A Few Notes on Logstash


Logstash is a popular logging component so I have been experimenting with it. Its primary role in a logging architecture is message translator. It works like this: it receives a log message from an input source, translates the message from one format to another, and then send the new message to an output source. For example, it can receive a message from a syslog socket, translate the single line formatted message into structured JSON, and send the JSON message to the elasticsearch database.

The good things about logstash are its simple configuration file format and the large number of input and output sources it supports. logstash is at the forefront of new logging tools that promote structured log messages in favor of the old-fashioned, long obsolete, but still popular syslog format. I like that it implicitly assumes a pipe-and-filter model and is designed to be a component of a larger logging architecture.

logstash has decent primary documentation by open source standards. While it doesn’t provide a decent overview or introduction, the fact that it offers users a simple conceptual model (input->filter->output) that lack isn’t too serious.  That simple model is a strong point in its favor.  Offering users an easy-to-grasp conceptual model of your software, whether library or application, is a sign of good design.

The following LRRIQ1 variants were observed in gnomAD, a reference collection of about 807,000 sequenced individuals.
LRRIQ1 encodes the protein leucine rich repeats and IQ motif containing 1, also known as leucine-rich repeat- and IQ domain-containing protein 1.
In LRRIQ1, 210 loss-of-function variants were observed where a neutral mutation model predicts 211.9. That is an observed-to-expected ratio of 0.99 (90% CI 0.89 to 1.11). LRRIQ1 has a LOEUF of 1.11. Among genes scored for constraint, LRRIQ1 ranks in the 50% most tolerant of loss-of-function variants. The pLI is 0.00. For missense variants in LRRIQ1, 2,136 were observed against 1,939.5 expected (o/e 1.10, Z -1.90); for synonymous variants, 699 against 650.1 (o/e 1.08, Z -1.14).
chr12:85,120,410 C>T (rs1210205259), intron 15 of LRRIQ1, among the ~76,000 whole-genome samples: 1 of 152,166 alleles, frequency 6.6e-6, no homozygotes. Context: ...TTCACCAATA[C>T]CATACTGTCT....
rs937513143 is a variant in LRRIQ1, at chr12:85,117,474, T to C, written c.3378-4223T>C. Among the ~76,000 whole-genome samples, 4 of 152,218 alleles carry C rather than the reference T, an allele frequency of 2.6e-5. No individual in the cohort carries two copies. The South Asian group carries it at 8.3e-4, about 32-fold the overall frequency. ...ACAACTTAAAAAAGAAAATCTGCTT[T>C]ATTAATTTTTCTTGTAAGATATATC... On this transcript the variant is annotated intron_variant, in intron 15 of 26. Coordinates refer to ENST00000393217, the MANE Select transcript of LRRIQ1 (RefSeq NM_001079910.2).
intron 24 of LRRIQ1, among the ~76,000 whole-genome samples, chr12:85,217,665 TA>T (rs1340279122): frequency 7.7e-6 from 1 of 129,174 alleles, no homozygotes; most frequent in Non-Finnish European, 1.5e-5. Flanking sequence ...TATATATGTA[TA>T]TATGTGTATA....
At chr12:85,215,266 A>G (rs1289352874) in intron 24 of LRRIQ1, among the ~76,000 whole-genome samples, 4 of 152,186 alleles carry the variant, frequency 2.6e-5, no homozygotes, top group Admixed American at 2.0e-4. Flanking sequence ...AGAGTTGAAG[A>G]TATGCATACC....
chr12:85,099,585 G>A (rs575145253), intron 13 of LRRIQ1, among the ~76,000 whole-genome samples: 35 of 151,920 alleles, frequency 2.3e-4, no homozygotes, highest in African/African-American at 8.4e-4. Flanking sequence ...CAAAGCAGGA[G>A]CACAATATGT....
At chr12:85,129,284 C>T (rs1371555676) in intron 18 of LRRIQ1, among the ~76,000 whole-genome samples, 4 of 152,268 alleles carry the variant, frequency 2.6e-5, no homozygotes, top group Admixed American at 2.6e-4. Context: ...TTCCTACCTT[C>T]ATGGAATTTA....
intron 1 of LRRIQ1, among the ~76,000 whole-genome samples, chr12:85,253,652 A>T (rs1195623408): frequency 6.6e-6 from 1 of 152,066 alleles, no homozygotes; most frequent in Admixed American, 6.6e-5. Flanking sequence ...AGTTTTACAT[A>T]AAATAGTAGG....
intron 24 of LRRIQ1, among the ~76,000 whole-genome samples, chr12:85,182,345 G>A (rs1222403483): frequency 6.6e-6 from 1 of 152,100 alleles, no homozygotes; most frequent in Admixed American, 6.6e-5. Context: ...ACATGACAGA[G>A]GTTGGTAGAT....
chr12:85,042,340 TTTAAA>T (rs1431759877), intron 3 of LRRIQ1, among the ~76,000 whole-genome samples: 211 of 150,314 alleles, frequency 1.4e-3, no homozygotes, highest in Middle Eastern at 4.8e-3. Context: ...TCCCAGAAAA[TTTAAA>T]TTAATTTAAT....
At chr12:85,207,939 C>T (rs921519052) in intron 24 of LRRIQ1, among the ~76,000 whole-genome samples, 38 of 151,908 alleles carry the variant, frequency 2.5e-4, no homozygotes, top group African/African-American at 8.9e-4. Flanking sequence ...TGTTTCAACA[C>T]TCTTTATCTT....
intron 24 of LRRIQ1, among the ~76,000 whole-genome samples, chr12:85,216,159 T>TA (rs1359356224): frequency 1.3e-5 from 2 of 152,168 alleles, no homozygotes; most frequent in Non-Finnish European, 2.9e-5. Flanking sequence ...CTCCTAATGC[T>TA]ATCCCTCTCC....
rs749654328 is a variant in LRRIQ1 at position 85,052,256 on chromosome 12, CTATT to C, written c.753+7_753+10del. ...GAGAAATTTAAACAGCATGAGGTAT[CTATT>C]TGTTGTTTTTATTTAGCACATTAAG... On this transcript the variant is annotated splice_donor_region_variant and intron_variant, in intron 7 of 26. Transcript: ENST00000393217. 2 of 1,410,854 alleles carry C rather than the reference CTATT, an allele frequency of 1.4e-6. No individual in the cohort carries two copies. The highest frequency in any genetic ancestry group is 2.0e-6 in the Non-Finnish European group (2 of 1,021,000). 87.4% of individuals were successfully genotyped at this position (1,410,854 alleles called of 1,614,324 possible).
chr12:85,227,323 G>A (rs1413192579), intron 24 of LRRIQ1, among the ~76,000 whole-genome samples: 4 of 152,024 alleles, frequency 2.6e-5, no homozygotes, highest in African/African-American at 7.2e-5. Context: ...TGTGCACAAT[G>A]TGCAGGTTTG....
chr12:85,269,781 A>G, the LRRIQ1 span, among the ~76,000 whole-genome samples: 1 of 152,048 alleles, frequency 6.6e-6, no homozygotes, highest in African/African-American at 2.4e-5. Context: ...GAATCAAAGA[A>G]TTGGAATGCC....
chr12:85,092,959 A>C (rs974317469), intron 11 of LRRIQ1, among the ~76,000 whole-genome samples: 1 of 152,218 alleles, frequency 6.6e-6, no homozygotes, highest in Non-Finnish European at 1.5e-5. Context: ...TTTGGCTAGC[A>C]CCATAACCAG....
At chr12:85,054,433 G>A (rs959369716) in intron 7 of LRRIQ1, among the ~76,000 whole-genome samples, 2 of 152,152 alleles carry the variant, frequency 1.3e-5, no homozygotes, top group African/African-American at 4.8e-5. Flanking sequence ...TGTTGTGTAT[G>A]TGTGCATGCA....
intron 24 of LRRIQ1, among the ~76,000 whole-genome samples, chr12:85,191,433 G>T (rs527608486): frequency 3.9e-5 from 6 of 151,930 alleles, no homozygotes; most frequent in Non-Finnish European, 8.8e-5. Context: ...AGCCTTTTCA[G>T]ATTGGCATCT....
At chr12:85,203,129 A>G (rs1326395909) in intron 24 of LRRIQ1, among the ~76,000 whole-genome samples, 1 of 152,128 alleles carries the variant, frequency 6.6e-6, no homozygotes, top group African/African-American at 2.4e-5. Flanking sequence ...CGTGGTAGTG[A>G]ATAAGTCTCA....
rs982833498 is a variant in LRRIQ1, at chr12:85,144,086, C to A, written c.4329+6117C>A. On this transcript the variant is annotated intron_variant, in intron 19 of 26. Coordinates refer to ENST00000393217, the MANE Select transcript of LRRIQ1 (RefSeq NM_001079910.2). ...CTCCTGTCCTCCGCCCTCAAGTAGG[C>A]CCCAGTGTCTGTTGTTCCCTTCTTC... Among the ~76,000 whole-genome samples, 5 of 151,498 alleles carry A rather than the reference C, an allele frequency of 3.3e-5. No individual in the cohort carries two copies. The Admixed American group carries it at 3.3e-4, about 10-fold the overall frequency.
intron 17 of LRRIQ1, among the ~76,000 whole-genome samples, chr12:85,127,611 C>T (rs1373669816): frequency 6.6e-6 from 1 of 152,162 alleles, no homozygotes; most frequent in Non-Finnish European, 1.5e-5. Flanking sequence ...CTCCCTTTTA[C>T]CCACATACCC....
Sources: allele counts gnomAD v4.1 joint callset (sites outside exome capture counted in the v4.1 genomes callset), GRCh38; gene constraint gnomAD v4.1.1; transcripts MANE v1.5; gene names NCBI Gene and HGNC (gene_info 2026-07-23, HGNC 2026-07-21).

The not so good things about logstash are that it lacks maturity and its very odd language choice. logstash is written in JRuby. This means that its written in a version of Ruby that must run inside Java. Ruby I could understand. Java I could understand. But JRuby for a production application? I’m totally baffled by that choice. That is not a choice that favors speed and simplicity. And indeed it is slow to start, resource hungry, and not very fast.

When I say that it lacks maturity I mean that it lacks the basics such as a Linux service init script and an installation package (e.g, deb or RPM). The lack of these basics made it very painful to install. Yes, you can find a variety of init scripts on the Internet but I have yet to find one that works well. Running the logstash jar file initially gave me a weird error about an “ffi” problem. This turned out to be due to the noexec option set on my /tmp partition per the SCAP rules. That took a long time to debug. Needless to say logstash doesn’t include an SELinux policy either.

logstash is one of those applications with strong positives and strong negatives: I’m glad it exists, I’m just not sure I want to use it.



Categories: Software

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2 replies

  1. Adam, have you looked at fluentd? I ran across it today while on the Elasticsearch website, looking at Kibana (again) http://docs.fluentd.org/articles/free-alternative-to-splunk-by-fluentd

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